Threatscape is a growing pure-play IT security company. Microsoft recently awarded it a Gold Security Partner designation for its Microsoft Security practice. It also offers cybersecurity solutions, managed security services and professional services relating to security. Threatscape has an impressive customer list which includes Kier Group, RTE, AIB and William Hill. Enterprise Times had the opportunity to ask some questions of Dermot Williams, CEO of Threatscape about the company and the new award.
To achieve the Gold designation, a firm needs to have met specific criteria. It includes having active customers paying for Microsoft Security such as with Microsoft Intune or Azure Firewall. It also needs to have at least four people that have passed both MS-500: Microsoft 365 Security Administration and four people to have passed Exam AZ-500: Microsoft Azure Security Technologies. Threatscape has ten in total and works closely with Microsoft on product development.
The company itself has 21 employees. It also draws on a subcontractor workforce of over 200 to service the hundreds of clients it has. It works with many of Microsofts clients across the world including large enterprise customers.
The Threatscape – Microsoft Story
Microsoft announced the specific competency levels for security in July 2019. How did Threatscape reach Gold status so quickly?
Our route to working with Microsoft was a little unusual. We were the sole UK partner for Adallom who developed one of the first CASB (cloud access security broker) solutions for securing SaaS applications.
“We worked really closely with the team at Adallom including the three founders to build up deep expertise in their solution and were achieving really good market traction with it … when suddenly Microsoft swooped in and bought the company for a considerable nine-figure sum. The Adallom CASB solution was renamed Microsoft Cloud Application Security, and we thought that was the end of our involvement.
“But the opposite happened. People at Microsoft reached out to us to stress how important cybersecurity was to their new cloud-centric business focus and how eager they were not to lose our expertise. Before long they were calling on that expertise for projects not only in the UK but also further afield; we’ve had people travel to client locations as far afield as Switzerland and the USA.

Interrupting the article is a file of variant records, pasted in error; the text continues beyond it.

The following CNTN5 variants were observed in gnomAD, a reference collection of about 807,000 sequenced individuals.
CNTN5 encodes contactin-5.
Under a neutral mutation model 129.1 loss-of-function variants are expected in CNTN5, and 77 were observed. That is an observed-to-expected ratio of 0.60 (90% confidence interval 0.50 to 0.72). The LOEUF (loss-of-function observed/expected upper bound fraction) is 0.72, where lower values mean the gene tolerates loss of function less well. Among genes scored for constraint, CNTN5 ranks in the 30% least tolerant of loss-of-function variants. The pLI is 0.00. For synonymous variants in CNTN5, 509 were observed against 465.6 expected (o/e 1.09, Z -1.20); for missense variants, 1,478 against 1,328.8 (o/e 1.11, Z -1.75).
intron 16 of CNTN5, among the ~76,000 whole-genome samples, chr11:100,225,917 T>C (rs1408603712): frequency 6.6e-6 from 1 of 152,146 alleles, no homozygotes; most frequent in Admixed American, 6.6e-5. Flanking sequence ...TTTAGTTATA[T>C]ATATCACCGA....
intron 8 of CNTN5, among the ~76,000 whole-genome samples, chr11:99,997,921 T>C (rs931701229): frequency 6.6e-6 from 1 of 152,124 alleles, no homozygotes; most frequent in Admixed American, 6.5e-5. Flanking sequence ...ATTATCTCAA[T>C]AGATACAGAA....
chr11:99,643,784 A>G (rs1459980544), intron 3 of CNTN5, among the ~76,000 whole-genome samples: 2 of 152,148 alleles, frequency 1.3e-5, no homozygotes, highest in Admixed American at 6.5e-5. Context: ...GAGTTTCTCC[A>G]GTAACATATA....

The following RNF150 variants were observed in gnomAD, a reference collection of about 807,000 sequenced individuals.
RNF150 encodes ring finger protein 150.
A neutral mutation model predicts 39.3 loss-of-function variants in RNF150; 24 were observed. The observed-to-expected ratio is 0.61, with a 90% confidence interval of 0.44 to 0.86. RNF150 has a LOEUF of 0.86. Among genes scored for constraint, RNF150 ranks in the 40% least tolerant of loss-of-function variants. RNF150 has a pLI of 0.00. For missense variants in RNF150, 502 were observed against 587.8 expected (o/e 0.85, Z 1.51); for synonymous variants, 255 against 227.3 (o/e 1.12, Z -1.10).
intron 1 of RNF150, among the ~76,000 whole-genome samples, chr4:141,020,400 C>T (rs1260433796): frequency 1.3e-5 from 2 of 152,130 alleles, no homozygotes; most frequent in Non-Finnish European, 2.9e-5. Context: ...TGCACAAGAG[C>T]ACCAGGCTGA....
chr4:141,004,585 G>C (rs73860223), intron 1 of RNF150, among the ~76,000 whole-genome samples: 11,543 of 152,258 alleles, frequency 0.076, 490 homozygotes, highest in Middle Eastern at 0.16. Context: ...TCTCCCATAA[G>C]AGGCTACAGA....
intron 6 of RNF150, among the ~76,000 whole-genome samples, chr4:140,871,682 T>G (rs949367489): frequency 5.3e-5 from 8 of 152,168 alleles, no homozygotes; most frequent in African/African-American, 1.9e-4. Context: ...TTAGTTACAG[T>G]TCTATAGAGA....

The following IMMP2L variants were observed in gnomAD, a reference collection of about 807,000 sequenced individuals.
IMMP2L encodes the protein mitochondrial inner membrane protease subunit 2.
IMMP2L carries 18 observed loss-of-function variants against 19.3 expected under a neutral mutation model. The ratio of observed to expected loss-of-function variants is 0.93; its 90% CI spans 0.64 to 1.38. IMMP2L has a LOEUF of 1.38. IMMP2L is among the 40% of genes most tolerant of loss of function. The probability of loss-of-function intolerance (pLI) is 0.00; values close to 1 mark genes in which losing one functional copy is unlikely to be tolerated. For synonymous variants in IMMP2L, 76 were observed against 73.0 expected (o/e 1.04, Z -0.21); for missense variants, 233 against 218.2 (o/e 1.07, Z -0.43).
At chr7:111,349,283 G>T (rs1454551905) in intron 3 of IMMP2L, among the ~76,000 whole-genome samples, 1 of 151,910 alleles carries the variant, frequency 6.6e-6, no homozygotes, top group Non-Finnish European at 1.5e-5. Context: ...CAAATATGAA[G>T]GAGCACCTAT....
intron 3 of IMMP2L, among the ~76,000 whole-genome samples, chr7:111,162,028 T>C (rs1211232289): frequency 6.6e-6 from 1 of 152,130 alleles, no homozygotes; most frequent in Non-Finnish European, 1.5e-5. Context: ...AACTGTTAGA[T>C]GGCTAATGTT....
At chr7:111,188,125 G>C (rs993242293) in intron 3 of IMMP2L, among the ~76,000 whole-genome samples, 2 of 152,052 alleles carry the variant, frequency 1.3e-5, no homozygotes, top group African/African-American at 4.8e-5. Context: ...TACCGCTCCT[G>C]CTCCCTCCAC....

“The senior executive team we had worked with at Adallom became a key part of the cybersecurity R&D hub Microsoft were developing in Israel. With further acquisitions, the Microsoft security portfolio was also becoming increasingly relevant to large enterprises. We realized there was a growing demand for specialist assistance to properly deploy and manage these solutions – and our Microsoft Security Practice was born.
“Until fairly recently Microsoft didn’t have a partner category specifically for cybersecurity specialists like us. We’ve been a bit of an anomaly, officially listed as a silver partner but only focused on security and with far deeper skills than the average partner. The new Gold Security Partner status fixes that.”
Those Greek gods again
Threatscape names its Microsoft services after ancient Greek gods. They include
- Artemis: Provides Microsoft optimisation services or just a one-off audit. It helps customers understand their security posture. Its also provides a detailed road-map of how the customer can improve that security posture.
- Hermes: A security assessment of Microsoft Teams, Sharepoint and OneDrive environments.
- Helios: Targets the endpoint detection and response capabilities of a client using Microsoft Defender ATP or Microsoft Threat Protection.
- Aurora: Provides an Azure security assessment. It includes a review of virtual machines, connectivity, security posture and identity management.